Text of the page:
Such doesn’t appear the case. Is the reality Marines Stabilize Afghan Town of Marjah, or 67% of Afghans oppose Marjah operation?
That is the percentage of local residents who responded that the operation was “bad for the people of Marjah,” according to a new report by the International Council on Security and Development. Out of 500 interviewees, 61% said they feel more negatively after the operation, 67% oppose “a strong NATO force” in the area, and 68% think the Taliban will return.
The same percentage believes NATO won’t win the broader war against Taliban.
Disturbing supportive evidence: 96% of respondents said too many civilians were killed and 78% listed themselves as often or always angry, with 45% of those stated they were angry at the NATO occupation and only 9% towards the Taliban. 95% believed more young Afghans have joined the Taliban in the last year.
The silver lining, which the ICOS repeatedly highlights to avoid total damnation, is that US and NATO force had and still have the ability to influence these numbers. Done right and the majority of Afghans might swing the other way. 60% and 70% figures dominate the report, reflecting David Galula’s observation that the majority of an insurgent population is neutral.
The ICOS writes, “The underlying positive message is the desire of the Afghans to be rid of the Taliban’s presence and violence: what they do not want, however, is to bear the type of unmitigated impact of the fighting between the insurgents and NATO forces that they and their families are experiencing.”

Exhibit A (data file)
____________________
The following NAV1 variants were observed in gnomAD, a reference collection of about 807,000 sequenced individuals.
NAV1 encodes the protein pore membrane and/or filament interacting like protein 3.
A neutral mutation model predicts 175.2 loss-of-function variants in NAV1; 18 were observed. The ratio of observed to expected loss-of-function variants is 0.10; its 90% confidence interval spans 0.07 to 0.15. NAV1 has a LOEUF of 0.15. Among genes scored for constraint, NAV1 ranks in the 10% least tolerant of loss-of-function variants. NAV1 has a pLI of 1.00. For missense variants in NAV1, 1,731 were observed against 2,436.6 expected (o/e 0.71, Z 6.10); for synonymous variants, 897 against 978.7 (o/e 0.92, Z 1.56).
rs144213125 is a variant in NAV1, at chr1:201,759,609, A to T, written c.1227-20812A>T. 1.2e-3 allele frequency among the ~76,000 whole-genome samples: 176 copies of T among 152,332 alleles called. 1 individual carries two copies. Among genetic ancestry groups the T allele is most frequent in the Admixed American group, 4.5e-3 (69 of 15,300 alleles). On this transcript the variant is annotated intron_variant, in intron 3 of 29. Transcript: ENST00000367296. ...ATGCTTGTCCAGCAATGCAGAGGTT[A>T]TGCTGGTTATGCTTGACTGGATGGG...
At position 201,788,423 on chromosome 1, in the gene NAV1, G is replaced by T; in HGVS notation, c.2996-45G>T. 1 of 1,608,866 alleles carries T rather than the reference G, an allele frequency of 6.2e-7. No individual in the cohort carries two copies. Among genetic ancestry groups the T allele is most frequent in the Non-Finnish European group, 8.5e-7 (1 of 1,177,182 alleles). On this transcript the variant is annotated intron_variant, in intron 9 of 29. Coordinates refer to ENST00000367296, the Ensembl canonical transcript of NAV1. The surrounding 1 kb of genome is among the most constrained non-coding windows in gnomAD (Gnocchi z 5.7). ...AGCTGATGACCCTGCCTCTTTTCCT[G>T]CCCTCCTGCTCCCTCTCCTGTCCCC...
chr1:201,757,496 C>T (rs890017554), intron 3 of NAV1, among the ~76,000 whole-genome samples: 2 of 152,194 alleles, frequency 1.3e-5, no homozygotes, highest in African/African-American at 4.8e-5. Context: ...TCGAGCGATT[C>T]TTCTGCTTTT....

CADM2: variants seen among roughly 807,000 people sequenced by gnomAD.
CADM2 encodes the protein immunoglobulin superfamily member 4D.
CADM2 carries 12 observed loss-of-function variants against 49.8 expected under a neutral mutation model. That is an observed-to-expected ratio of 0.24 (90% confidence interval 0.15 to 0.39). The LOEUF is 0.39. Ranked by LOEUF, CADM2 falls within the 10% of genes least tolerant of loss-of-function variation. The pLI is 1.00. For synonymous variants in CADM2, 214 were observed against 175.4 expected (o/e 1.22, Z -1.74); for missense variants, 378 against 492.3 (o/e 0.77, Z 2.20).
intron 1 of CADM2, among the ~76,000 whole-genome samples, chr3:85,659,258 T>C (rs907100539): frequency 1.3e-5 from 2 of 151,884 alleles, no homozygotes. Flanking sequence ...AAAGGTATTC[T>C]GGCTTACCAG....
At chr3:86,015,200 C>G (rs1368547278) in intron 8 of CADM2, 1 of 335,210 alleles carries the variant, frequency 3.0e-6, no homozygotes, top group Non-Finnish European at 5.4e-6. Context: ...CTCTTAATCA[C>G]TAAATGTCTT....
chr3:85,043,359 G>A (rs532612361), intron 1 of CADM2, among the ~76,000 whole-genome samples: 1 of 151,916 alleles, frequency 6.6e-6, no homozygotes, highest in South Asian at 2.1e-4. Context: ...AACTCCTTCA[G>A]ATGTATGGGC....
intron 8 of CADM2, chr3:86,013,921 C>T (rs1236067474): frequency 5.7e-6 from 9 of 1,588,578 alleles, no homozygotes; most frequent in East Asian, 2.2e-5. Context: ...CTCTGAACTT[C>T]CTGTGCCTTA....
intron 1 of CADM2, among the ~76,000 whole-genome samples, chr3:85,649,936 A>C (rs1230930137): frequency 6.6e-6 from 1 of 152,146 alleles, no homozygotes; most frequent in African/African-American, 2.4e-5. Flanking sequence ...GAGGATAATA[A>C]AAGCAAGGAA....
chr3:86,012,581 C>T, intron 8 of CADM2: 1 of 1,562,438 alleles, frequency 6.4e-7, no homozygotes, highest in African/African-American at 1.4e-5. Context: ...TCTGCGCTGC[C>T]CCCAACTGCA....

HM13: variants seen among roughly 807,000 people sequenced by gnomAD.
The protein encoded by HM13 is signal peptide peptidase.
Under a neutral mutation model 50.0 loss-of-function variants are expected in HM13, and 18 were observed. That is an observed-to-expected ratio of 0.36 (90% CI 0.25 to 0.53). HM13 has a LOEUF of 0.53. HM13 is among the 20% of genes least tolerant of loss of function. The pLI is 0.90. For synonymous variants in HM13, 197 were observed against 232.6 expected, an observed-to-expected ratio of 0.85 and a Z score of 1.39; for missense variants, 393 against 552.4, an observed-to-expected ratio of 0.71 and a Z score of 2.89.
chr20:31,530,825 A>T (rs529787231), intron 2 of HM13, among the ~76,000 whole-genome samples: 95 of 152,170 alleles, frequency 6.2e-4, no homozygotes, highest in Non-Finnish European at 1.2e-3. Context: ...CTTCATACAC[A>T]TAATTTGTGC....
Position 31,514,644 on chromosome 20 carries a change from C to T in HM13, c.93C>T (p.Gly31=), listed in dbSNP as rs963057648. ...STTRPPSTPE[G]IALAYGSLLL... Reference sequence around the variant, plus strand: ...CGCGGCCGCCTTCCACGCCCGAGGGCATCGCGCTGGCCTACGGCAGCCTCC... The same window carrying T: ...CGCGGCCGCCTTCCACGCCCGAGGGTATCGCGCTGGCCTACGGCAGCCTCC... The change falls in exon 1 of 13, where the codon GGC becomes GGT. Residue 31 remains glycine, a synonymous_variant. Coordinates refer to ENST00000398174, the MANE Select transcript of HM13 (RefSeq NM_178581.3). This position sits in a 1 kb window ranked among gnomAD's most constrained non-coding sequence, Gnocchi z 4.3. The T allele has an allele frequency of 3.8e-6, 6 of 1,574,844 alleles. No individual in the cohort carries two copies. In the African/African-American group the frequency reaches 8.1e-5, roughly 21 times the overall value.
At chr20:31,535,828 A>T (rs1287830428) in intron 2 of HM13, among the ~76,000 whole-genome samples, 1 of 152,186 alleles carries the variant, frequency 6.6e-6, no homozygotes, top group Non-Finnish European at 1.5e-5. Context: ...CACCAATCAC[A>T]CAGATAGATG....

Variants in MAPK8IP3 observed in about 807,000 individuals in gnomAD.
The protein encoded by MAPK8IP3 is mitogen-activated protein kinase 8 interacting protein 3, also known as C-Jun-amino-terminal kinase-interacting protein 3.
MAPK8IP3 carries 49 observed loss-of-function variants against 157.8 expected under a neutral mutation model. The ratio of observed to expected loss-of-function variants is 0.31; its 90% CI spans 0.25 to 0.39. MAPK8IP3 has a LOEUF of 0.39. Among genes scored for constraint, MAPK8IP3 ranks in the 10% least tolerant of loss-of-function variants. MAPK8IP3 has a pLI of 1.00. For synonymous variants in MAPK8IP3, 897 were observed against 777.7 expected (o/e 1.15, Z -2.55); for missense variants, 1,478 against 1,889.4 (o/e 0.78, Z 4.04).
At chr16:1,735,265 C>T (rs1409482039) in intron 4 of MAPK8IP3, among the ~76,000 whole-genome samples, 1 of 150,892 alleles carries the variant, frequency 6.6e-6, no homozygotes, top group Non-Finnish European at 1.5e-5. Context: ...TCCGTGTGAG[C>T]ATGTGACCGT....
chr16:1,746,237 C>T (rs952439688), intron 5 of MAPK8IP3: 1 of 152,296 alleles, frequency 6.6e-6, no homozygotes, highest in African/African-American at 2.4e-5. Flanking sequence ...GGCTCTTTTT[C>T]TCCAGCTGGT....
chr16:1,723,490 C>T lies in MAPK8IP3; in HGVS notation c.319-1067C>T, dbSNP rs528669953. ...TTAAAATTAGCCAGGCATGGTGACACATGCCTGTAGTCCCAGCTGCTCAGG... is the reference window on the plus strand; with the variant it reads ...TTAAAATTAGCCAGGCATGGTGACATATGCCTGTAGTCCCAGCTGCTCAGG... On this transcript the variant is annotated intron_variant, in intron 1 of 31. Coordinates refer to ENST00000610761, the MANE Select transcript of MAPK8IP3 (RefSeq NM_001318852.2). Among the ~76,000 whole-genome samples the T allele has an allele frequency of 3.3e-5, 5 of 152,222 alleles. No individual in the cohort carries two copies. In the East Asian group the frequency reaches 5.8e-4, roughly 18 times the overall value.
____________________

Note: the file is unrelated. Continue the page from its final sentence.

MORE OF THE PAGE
Yet this bright spot is erased by why these numbers exist. US commanders like Mills are either lying or out of touch with the local population, equally troubling scenarios. Marjah was supposed to be different, but in spite of all the COIN talk America still failed to deploy a real counterinsurgency operation.
No wonder Kandahar residents are skeptical when unmitigated impact continues to repeat. The ICOS’s opening statement:
NATO‟s Operation Moshtarak, launched in February 2010 in Helmand province, was the first deployment after the beginning of the much-debated surge of 30,000 additional US troops. It was billed as the largest military operation since the invasion of 2001. The planning for the operation emphasized the needs of the Afghan people, and the importance of winning hearts and minds as part of a classic counter-insurgency operation. However, the reality on the ground did not match the rhetoric. Welcome improvements in the size and conduct of military operations were undermined by a lack of sufficient corresponding measures in the political and humanitarian campaigns.”Inexplicably, “Despite the extensive publicity which the operation received, aid agencies do not appear to have been briefed or consulted sufficiently in advance, or given appropriate resources to respond to the needs of the community.”